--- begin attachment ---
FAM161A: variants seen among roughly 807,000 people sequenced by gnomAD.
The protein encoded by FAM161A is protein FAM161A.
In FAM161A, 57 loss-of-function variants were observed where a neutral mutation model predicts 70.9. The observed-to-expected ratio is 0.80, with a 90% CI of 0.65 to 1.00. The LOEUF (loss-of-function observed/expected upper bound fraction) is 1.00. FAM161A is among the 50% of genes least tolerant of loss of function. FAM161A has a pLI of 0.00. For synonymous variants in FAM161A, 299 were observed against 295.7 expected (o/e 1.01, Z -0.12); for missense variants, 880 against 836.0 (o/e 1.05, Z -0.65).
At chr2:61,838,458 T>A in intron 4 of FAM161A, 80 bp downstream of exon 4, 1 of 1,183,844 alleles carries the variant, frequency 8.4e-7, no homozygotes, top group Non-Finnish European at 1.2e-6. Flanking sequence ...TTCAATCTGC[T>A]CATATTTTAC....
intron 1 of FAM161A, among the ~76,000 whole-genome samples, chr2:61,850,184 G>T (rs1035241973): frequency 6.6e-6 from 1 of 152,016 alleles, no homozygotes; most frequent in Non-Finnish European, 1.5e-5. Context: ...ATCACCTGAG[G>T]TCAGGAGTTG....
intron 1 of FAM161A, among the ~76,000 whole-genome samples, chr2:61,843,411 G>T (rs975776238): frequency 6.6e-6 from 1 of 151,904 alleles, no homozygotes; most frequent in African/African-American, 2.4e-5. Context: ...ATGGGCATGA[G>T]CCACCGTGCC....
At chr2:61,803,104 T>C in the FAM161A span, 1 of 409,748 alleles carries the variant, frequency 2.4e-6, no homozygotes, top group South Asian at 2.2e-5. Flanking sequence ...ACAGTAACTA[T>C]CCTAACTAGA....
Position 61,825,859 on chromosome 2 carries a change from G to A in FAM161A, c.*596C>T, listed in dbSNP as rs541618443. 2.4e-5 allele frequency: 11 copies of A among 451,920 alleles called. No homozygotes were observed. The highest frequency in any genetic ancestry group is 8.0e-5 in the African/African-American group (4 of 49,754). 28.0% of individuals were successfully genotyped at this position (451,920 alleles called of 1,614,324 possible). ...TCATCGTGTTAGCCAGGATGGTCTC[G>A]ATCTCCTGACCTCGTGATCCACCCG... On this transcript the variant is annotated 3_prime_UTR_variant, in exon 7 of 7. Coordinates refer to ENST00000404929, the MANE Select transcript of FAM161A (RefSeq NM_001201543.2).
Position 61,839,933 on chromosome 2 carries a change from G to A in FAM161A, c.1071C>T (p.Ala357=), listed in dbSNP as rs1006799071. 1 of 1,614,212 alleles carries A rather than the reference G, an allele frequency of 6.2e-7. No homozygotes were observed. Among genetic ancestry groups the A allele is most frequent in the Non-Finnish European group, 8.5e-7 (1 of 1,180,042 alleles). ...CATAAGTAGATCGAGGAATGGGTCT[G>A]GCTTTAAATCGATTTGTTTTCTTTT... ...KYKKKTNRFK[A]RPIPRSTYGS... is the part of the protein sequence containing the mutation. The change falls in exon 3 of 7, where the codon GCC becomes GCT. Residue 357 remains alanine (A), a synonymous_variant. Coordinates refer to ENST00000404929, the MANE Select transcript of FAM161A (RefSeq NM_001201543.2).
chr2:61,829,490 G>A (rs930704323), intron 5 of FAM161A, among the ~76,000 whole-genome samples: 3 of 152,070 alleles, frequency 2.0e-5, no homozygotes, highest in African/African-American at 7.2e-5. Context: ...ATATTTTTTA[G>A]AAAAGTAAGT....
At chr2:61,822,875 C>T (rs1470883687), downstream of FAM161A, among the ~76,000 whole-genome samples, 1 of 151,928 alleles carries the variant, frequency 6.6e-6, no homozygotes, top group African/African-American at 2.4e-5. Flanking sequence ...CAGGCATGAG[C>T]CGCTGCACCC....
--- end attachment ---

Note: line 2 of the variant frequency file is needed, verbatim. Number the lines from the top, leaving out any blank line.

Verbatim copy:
The protein encoded by FAM161A is protein FAM161A.